Some of my systems are failing...because they are still submerged, I cannot fix them by myself. If I do not repair them this instant, the city’s failsafe could crash.
“And that would mean...?”
The city would sink. There would be no time for escape.
So that was why, ten minutes later, he was contemplating a vertical tunnel of water that lead down into a submerged control room. Carson kicked off his shoes, running over her instructions in his head. They seemed simple enough. Find the lever, pull the lever, water gets flushed out. And then sweet, merciful sleep would be his.
“Why am I even doing this?” he muttered. “Bloody insanity!”
He drew in a long, deep breath. After a few seconds, he exhaled slowly. No need to rush any of this. He was probably still going to end up with hypothermia, but he at least wanted to make sure he could hold his breath for as long as possible. Several minutes passed by before enough courage could be screwed up for the task. Carson snapped his arms to his sides and pin-dropped down into the darkness.
The water was cold enough to paralyse, and the black soulless water seemed to stretch on forever, confusing his senses. Then lights weakly pushed through in lazy air bubbles, and the water warmed against his skin. Grateful for the assistance, Carson found the strength to swim sluggishly to the control panel he’d been told about.
It wasn’t hard to find, and even though the lever wasn’t marked, it was right where Atlantis had said it would be. Carson tugged on it, but it snapped right back into position when he pulled away. He stared at it, tried again. Damn it! Aware of his lungs starting to burn, he kicked quickly away and managed to propel himself up to break the surface. He drew in a large, greedy breath of air, weakly pulling himself up to the side.
His legs were shaky as he walked to the nearest console. Carson punched a few keys to make his presence known and rasped, “The lever didn’t stay where it should have. I’d have ta hold it down and I don’t think I can keep underwater for that long.”
You have to try.
“I’m not the man for this. I can’t do it.”
Carson. I have seen your mind. You have the hands of a healer, but the heart of a fearless leader. You cannot let your friends be in danger! I have no one else to turn to, no one else who would listen.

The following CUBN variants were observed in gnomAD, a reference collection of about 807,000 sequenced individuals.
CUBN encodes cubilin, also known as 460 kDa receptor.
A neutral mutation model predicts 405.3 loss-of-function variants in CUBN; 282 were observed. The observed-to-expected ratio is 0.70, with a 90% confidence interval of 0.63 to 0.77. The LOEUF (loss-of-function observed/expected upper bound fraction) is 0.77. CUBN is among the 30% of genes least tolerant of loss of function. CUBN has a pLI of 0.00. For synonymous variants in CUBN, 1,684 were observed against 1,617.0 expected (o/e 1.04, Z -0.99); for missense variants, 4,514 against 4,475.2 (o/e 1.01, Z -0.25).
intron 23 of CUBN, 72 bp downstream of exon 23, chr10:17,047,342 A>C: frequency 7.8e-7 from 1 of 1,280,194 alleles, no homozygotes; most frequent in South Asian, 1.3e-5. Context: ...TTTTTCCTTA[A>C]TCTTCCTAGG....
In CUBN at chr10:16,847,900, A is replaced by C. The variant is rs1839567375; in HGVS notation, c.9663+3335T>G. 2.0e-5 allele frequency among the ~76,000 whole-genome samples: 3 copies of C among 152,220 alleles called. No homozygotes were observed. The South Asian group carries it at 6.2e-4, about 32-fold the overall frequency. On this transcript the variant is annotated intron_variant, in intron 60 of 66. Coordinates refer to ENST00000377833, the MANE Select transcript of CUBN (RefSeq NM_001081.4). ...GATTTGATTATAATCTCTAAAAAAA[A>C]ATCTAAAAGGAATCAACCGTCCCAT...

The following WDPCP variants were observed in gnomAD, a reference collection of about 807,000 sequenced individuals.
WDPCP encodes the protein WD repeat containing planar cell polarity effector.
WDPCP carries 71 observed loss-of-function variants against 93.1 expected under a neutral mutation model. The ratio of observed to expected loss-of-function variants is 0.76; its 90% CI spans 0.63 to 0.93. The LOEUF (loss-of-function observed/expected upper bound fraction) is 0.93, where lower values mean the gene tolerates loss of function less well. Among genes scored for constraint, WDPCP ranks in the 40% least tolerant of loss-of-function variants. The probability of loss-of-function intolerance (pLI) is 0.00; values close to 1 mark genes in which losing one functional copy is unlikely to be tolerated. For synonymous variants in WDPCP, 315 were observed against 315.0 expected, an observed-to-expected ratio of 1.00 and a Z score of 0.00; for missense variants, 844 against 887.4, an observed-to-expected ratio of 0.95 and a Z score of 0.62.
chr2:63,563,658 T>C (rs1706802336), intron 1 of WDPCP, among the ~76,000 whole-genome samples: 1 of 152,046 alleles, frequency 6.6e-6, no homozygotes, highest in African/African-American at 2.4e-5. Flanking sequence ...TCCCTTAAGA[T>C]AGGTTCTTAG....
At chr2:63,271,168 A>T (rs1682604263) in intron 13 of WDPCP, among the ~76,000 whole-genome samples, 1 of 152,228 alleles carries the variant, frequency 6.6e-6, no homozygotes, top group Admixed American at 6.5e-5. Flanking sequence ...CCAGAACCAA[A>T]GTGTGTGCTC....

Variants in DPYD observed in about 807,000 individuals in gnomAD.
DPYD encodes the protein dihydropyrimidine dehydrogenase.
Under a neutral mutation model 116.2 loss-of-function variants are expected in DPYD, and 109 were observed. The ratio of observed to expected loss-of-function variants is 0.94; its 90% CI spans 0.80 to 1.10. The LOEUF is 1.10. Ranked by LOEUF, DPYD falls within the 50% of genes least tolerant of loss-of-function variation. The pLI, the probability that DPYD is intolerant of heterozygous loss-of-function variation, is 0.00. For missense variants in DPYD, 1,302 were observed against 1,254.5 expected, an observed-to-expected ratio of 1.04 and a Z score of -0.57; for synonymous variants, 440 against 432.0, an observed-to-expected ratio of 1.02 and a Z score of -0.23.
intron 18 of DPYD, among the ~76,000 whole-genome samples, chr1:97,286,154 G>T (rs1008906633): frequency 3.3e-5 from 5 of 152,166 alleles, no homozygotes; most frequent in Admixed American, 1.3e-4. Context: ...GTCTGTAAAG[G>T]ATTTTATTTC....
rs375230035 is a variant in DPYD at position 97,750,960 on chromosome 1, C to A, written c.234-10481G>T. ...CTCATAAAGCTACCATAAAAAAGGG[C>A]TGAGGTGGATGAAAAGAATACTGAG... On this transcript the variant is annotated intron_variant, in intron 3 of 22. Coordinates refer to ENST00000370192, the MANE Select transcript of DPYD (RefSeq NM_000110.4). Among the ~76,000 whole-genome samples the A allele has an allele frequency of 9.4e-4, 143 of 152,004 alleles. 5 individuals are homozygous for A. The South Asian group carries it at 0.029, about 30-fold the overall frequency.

“I’m scared, love.”
And you think I’m not?
“Don’t hold yer breath for a miracle.”
I recommend that you, however, do hold a breath.
Carson shook his head, smiling humourlessly. But his fear was rapidly turning into resolve. Stilling his breaths again, he plunged into the water and made for the lever. He clasped both hands around it and pulled hard. A vague clunking sound coursed through the water. Then water brushed over his face like a strong breeze, swirling around the control room. His lungs protested very shortly after this, but he had to keep pulling.
Closing his eyes, he forced his arms to keep working hard. His hands trembled as his throat constricted. It was taking too long. He couldn’t do it. No, he had to do it.
Carson was still clenching the lever as he passed out into a watery oblivion.
Pain is a good thing. A good sign.
It means you’re alive.
Carson became aware that he was almost kissing the sodden floor, lying on his stomach. At first he was confused. This wasn’t the usual place he liked to hang his head at night. Blinking, he surveyed the floor for some clues. And then he scrambled to his feet in a panic, racing to the vertical tunnel and finding a ladder. He sprung up the ladder and hurtled over to the console. He demanded, “Did I do it?”
Yes. Thank you. I am glad you are alright.
“I’m glad too. That was a wee bit close for my liking.”
A hot blast of air coursed down from the ceiling, until he was dried from head to toe. Carson leant against the wall, taking deep breaths. His ribs hurt, his throat hurt, but he was alive. And the city hadn’t sunk. He knew he should inform someone, but who would believe him?
And he was so tired...
The sun rose and threw promising rays of warmth over the city of Atlantis. All around, people who hailed from Earth were waking and strolling cheerfully down to the mess hall for conversation and a hot cup of coffee or tea. Athosian children were running underfoot, somehow avoiding colliding with adults of both cultures. A handy trick, perfect for keeping out of trouble.
But one inhabitant of Atlantis was not joining them. Striding purposefully, Carson Beckett made his way to the chair room, straightening his jacket. If he hadn’t woken with a mild headache, he might have put the night before down to some bizarre dream. A hot shower had started as he rose from bed, an invitation for something more. So here he was, visiting the entity whose invitations were very hard to ignore.
“Good morning, lass,” he greeted and settled down into the chair.
Good morning, Carson. Are you feeling alright?
“I feel...perfect. Ye wanted to see me?”
Her voice sounded unusually shy. I know we did not begin our relationship on the best footing, but last night I discovered...I like you.
If he didn’t know any better, he’d say the chair was coming on to him. Carson thought about this for a moment. Well, he did know better. He’d started feeling more of her mind, just as he was sure she felt his. She was lonely. She trusted only one person – and he was it. “Friends, then?”
I rephrase. I really like you. Really, really like you.
“I’ll need to...think about it.”
Is it because you can’t see me? she asked flatly.
Carson found himself sweating nervously. “No – no! God, no. We just met. But I’ll think about it. And I won’t tell a soul about ye in the mean time.”
Good. I like having you to myself.
Smiling uncomfortably to this, Carson scooted out of the chair and went off to eat breakfast. He sung under his breath, “Ninety-nine red balloons go by...”
The entity of Atlantis called up the song and played it over a few times. She liked it. Seeing the name of the artist who sang it, she was delighted to find a name that any Lantean would have borne. A good name. Maybe Carson wanted her to have a name. Like a normal human.
Nena. I will be called Nena.